The Spawn Chunks 229: Sniffing Out The Real Builders

Jan 23, 2023 | podcast

Jonny, and Joel run through some technical changes in the new Minecraft snapshot, nose around the first look at the sniffer, and answer listener emails from architects, and builders in the community about how they play Minecraft.

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  • David Copper Aging Facility
    • Most of the week has been spent testing the David Copper Aging Facility making sure it does what it’s supposed to do before releasing the tutorial video.
    • The final version is three floors tall, loads, and unloads semi-automatically, and can age a single shucker box of copper in one go.
    • Still to resolve is the issue of how to unload a 9×8 block span of oxidized copper automatically, but that will be a separate project.
    • David Copper Aging Facility (

Minecraft News

  • Development Footage Of The Sniffer (
    • Chi Wong, 3D Artist at Mojang Studios, shared some video, and still images of the current development of the sniffer, the winner of the 2022 Minecraft Live Mob Vote, slated for release in Minecraft 1.20 The Unnamed Update.

Chunk Mail

FROM: Microwave Safe

Hey there guys! 

You requested a response from your IRL builders. I spent several years teaching high school geography, woodworking, and robotics but now I do custom cabinetry and remodel work.  

Probably the biggest thing that I can’t get out of my mind when playing Minecraft is structural stability and some common building practices. I actually think that can be pretty common though. 

Really it’s the more specialized things that I don’t think many people notice. One thing that I’ve never heard anyone talk about in Minecraft, is how crazy it is to get so much material out of a single log! It’s not uncommon for 25-50% of a log to end up as waste material, so the fact that you can get four planks out of one is crazy! Honestly, the most realistic wood crafting recipe is for trapdoors. I feel like getting two of those bad boys out of a log and a half seems more on track with reality. 

Another thing is the wood species. I love the way they look in game, but I’ve spent a good deal of time wondering what exactly is “jungle wood”, how did the spruce planks get so incredibly dark? And, what is “dark oak?” 

I’ve got many more, but… 

Microwave Safe signed off because his wife reminded him stop being “that guy.”

FROM: Nick H.
SUBJECT: Architect Who Plays Minecraft 

Hi Jonny and Joel

I am a residential architect in south west London, UK, and in my down time I love a bit of Minecraft. Being in my mid 30s with an architecture practice to run I do struggle to find time to play but love every moment when I do.

I design buildings for a living but when it comes to Minecraft I find myself enjoying the parts of the game which do not require aesthetic designing. My favourite thing in the game is redstone, and exploiting game mechanics. You will more likely find me trying to build an armor equipping station or a mob grinder over building a big castle or house. My Minecraft houses are often underground where I don’t have to think about what they look like. My escapism is not having to think about proportions, the realities of gravity, or if something looks right.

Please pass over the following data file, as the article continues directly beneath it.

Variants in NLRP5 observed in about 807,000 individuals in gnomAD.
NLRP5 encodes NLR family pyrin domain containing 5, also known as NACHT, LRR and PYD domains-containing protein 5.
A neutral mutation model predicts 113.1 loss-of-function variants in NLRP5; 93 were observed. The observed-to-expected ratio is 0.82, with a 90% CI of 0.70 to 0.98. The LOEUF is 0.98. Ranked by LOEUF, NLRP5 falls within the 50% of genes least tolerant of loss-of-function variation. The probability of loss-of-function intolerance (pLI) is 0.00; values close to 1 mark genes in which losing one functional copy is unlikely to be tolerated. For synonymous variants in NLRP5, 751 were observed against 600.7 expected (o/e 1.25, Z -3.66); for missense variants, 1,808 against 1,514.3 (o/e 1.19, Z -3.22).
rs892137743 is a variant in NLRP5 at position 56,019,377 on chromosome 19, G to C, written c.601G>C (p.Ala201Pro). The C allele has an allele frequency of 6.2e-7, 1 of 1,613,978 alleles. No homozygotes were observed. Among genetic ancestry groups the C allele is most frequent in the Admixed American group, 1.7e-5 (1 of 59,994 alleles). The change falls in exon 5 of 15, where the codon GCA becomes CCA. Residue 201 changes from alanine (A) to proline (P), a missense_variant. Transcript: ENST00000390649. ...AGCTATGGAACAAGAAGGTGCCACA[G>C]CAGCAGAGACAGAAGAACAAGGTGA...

All that being said I think, being an Architect, allows me to see ways of placing blocks which feel right, and look right. When I’ve finished my armor equipper, putting a decorative façade on it is a lot of fun and I will subconsciously create something which looks good, to the annoyance of my brother who is an attorney and not creative at all!

Listening to you both keeps me sane while I’m drawing up construction detail drawings. Thanks!

Nick died from a collapsing castle which was not up to code.

FROM: Tedable
SUBJECT: UK Architect

Hey Pix and Joel,

I’m an architect practicing in the UK, so I technically don’t build things but I have an intimate knowledge of how buildings are put together.

My experience as an architect has definitely impacted the way I build in Minecraft, specifically in relation to scale, proportion and detail. Some skills I’ve transferred to my Minecraft builds include: allowing enough headroom (at least 4/5 blocks), laying out builds on a structural grid (blocks spaced out at multiples of 3 or 4 being a good rule of thumb), using the wall blocks to build internal “stud” walls as opposed to full blocks because of their slender profile, an appreciation of the brick block, and so on.

The list could go on but hopefully that provides an insight into how somebody in the profession might think when creating Minecraft builds.

Tedable was squashed by a timber rafter that wasn’t supported properly.

FROM: Green_Ninja_5
SUBJECT: Banners And Signs

Hello Spawn Chunks! 

I have a quick banner upgrade idea. What if banners were combined with the functionality of the new hanging signs? I’d love to hear your thoughts, and any other ideas you have on the subject.

Green_Ninja_5 was driven insane whilst trying to craft a banner with more than six patterns.

FROM: McScrewGunn
SUBJECT: Checklists

Good Morning Joel and Jonny!

I am listening to episode 226 Building Into 2023, slightly behind due to the holidays, travel, and vacation. Joel just mentioned having a “checklist” for things left to do in Westhill in the upcoming year. This made me wonder if you, Joel, or Jonny, have actual checklists written out for the large scale builds that you do, or do you rely on memory and walking through the builds and going with what is needed?

McScrewGunn died… wait no he didn’t, updating training documents just feels like purgatory.

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